Wednesday, December 30, 2009

MI legislators urge public employees to contribute more for healthcare

Michigan lawmakers push for public employees to contribute more for health insurance costs
By Monica Scott
The Grand Rapids Press
December 30, 2009
(Click images to enlarge.)
West Michigan lawmakers say it is time for public employees to pay more for health care.GRAND RAPIDS -- Local lawmakers, eager to adopt reforms before the 2010 election season heats up, are pushing for changes that would have public employees chip in more for their health insurance.
They would mandate public employees contribute 15 or 20 percent toward the cost of their benefits, which they see as a key item to help schools and local governments reeling from state budget cuts.
State Sen. Mark Jansen (photo), R-Gaines Township, introduced legislation that would limit the portion public employers pay to no more than 80 percent of the premium cost or 85 percent if the benefits include wellness incentives and a health savings account.
The measure would also cover elected officials.
"I believe we have to do this given the times we live in," Jansen said.
"These reform measures will help all public employers, like local governments and schools, manage skyrocketing costs of health care benefits and any savings will stay with the public employers."
Jansen said the Senate Fiscal Agency has not completed a cost analysis on the measure yet.
"Lawmakers should deal with the root of the problem --the state's outdated tax structure and funding system," said Doug Pratt, spokesman for the Michigan Education Association that represents teachers.
Pratt said Jansen's legislation and a similar measure in the House does not take into account the $700 million in concessions, such as higher co-payments and deductibles, employees have already made in recent years.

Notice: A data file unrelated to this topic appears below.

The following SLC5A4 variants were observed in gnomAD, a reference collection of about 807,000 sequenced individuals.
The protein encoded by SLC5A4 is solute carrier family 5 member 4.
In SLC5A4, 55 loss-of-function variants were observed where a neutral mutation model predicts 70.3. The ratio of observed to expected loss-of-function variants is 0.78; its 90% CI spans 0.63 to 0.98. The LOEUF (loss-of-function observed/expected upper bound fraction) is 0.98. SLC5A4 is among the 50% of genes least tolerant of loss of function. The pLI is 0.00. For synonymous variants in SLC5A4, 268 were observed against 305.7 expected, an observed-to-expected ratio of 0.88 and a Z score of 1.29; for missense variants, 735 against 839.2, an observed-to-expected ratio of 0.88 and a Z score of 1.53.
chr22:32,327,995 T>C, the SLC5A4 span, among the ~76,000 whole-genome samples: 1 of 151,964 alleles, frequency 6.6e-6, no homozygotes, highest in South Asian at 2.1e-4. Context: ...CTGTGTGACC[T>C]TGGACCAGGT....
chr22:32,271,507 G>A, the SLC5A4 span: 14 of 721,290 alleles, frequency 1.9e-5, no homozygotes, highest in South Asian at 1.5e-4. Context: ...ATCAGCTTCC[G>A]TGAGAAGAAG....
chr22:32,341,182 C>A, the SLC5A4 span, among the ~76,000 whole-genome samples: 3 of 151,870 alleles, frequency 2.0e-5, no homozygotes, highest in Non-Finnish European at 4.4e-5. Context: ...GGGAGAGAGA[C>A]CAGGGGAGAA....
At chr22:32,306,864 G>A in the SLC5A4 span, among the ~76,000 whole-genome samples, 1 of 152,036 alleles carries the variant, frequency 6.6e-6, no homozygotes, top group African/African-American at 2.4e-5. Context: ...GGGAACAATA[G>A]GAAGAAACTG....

The legislation would apply to those groups as their contracts expire.
Earlier this month, Reps. David Hildenbrand, R-Lowell, and David Agema, R-Grandville, introduced legislation mandating at least a 15 percent contribution but it does not include the incentives in Jansen's measure.
Local city and school leaders, including Grand Rapids Mayor George Heartwell, expressed support at that time for a mandate, but Grand Rapids' largest union objected.
"The health care reform proposals are definitely something we should be looking at as a cost-saving measure," said Rep. Roy Schmidt, D-Grand Rapids. "We want to get some important reforms, like the tax structure and health care, accomplished before the war of politics and things get bogged down."
Jansen is also co-sponsoring a bill introduced by Sen. Alan Sanborn, R-Richmond Township, that would allow local governments to offer employees the same insurance benefits available to state employees.
From John Curry, December 30, 2009
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